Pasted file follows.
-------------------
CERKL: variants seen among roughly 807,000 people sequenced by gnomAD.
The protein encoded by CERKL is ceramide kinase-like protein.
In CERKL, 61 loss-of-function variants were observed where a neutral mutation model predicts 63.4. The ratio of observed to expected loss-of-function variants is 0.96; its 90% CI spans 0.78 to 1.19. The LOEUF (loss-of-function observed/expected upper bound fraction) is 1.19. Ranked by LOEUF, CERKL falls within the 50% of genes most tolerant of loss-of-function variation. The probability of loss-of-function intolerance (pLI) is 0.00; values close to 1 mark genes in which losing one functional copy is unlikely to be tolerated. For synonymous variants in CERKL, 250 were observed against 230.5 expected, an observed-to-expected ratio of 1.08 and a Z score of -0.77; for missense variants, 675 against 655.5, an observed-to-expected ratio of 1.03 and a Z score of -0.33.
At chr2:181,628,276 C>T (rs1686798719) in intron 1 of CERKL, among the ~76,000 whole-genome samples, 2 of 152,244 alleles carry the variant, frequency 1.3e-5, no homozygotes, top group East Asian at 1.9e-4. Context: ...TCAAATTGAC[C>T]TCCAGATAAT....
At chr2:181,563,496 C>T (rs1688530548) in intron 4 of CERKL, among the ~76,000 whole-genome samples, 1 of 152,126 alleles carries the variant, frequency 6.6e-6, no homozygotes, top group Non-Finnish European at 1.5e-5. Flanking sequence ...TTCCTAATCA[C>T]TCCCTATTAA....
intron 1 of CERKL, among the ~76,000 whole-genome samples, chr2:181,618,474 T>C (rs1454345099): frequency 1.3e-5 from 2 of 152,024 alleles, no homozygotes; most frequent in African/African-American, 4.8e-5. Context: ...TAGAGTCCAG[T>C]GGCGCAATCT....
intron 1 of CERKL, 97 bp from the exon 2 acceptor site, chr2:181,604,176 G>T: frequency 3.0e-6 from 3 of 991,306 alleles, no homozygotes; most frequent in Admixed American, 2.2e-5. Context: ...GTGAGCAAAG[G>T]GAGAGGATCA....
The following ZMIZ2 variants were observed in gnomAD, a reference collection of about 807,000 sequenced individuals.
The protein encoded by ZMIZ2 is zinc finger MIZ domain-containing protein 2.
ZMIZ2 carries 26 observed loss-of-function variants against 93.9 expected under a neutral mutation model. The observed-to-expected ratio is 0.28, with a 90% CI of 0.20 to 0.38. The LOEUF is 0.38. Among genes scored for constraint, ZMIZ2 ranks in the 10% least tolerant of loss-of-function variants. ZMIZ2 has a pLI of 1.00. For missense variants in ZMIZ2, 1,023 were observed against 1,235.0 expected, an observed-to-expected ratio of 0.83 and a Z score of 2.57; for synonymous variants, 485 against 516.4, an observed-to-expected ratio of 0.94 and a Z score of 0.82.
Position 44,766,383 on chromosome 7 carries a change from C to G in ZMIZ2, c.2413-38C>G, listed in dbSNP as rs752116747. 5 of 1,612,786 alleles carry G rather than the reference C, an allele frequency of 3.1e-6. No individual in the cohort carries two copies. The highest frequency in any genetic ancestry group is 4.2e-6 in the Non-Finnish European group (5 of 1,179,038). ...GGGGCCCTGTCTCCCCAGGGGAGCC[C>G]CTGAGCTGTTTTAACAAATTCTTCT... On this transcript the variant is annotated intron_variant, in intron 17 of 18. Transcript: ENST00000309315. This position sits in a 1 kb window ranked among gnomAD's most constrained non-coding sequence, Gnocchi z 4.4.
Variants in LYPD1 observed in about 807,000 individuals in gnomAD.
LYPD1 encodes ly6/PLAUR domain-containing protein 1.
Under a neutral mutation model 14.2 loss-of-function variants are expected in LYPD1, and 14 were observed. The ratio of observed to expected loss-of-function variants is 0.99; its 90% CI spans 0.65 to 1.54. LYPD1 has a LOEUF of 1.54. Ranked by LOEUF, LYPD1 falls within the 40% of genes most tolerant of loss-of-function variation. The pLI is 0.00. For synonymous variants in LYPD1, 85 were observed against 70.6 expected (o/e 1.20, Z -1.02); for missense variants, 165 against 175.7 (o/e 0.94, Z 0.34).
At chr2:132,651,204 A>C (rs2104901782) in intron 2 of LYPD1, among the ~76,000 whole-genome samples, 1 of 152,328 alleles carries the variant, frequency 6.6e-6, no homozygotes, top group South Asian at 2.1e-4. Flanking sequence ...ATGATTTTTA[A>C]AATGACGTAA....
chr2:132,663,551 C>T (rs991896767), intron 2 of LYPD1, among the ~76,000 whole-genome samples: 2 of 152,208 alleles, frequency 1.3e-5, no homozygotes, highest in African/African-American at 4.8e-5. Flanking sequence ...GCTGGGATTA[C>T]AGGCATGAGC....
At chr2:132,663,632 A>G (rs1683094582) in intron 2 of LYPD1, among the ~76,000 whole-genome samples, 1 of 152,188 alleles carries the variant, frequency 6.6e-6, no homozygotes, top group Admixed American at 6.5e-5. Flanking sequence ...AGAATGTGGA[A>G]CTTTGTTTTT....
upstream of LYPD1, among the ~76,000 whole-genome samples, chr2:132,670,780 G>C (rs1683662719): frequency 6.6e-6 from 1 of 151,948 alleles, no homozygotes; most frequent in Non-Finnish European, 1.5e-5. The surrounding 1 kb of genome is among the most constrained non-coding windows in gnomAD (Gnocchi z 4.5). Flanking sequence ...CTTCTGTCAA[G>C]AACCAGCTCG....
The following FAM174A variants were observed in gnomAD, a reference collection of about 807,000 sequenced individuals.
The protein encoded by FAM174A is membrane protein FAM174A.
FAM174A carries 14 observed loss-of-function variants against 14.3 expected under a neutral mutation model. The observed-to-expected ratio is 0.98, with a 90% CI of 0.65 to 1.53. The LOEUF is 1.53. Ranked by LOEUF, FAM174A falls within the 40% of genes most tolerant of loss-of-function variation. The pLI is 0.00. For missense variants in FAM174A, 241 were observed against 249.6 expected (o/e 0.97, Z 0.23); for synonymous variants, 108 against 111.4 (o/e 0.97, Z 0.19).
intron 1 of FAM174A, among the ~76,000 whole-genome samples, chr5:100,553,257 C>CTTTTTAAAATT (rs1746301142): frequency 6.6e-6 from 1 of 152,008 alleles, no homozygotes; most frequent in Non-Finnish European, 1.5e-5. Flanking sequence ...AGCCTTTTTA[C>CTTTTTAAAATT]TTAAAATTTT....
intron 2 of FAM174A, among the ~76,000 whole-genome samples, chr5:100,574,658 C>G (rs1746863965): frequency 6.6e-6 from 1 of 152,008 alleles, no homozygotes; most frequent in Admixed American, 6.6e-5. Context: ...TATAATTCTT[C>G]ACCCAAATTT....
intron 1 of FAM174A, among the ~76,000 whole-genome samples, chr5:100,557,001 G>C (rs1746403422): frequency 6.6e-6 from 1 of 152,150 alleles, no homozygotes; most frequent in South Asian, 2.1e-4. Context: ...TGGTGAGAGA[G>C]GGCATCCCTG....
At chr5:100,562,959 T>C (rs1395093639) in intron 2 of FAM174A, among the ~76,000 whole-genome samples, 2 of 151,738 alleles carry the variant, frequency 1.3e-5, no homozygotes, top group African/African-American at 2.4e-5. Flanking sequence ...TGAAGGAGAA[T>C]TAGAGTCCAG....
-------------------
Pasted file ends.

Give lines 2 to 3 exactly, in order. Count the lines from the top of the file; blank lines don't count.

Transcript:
The protein encoded by CERKL is ceramide kinase-like protein.
In CERKL, 61 loss-of-function variants were observed where a neutral mutation model predicts 63.4. The ratio of observed to expected loss-of-function variants is 0.96; its 90% CI spans 0.78 to 1.19. The LOEUF (loss-of-function observed/expected upper bound fraction) is 1.19. Ranked by LOEUF, CERKL falls within the 50% of genes most tolerant of loss-of-function variation. The probability of loss-of-function intolerance (pLI) is 0.00; values close to 1 mark genes in which losing one functional copy is unlikely to be tolerated. For synonymous variants in CERKL, 250 were observed against 230.5 expected, an observed-to-expected ratio of 1.08 and a Z score of -0.77; for missense variants, 675 against 655.5, an observed-to-expected ratio of 1.03 and a Z score of -0.33.